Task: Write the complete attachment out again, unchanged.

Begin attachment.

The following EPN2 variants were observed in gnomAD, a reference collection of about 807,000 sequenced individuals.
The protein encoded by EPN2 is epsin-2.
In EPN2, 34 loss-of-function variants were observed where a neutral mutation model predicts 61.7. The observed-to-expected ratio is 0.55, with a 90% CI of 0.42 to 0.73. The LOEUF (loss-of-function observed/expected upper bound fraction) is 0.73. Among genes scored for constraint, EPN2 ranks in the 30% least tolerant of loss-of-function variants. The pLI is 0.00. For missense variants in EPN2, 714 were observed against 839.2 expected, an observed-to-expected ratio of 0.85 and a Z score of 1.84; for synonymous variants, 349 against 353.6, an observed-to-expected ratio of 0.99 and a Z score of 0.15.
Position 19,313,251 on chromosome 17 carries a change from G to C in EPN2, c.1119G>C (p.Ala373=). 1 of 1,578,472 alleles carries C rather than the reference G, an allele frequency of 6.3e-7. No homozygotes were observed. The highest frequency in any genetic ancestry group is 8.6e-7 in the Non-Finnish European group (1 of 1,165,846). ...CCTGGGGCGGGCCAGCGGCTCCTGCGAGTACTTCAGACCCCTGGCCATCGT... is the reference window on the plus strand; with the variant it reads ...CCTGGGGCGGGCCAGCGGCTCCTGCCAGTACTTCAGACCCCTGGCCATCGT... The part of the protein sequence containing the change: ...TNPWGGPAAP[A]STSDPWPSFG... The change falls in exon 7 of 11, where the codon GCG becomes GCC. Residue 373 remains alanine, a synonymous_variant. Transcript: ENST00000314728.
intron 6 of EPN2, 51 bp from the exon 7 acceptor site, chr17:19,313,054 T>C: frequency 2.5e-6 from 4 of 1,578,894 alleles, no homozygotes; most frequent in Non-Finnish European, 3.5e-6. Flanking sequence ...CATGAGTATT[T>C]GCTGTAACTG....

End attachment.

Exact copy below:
The following EPN2 variants were observed in gnomAD, a reference collection of about 807,000 sequenced individuals.
The protein encoded by EPN2 is epsin-2.
In EPN2, 34 loss-of-function variants were observed where a neutral mutation model predicts 61.7. The observed-to-expected ratio is 0.55, with a 90% CI of 0.42 to 0.73. The LOEUF (loss-of-function observed/expected upper bound fraction) is 0.73. Among genes scored for constraint, EPN2 ranks in the 30% least tolerant of loss-of-function variants. The pLI is 0.00. For missense variants in EPN2, 714 were observed against 839.2 expected, an observed-to-expected ratio of 0.85 and a Z score of 1.84; for synonymous variants, 349 against 353.6, an observed-to-expected ratio of 0.99 and a Z score of 0.15.
Position 19,313,251 on chromosome 17 carries a change from G to C in EPN2, c.1119G>C (p.Ala373=). 1 of 1,578,472 alleles carries C rather than the reference G, an allele frequency of 6.3e-7. No homozygotes were observed. The highest frequency in any genetic ancestry group is 8.6e-7 in the Non-Finnish European group (1 of 1,165,846). ...CCTGGGGCGGGCCAGCGGCTCCTGCGAGTACTTCAGACCCCTGGCCATCGT... is the reference window on the plus strand; with the variant it reads ...CCTGGGGCGGGCCAGCGGCTCCTGCCAGTACTTCAGACCCCTGGCCATCGT... The part of the protein sequence containing the change: ...TNPWGGPAAP[A]STSDPWPSFG... The change falls in exon 7 of 11, where the codon GCG becomes GCC. Residue 373 remains alanine, a synonymous_variant. Transcript: ENST00000314728.
intron 6 of EPN2, 51 bp from the exon 7 acceptor site, chr17:19,313,054 T>C: frequency 2.5e-6 from 4 of 1,578,894 alleles, no homozygotes; most frequent in Non-Finnish European, 3.5e-6. Flanking sequence ...CATGAGTATT[T>C]GCTGTAACTG....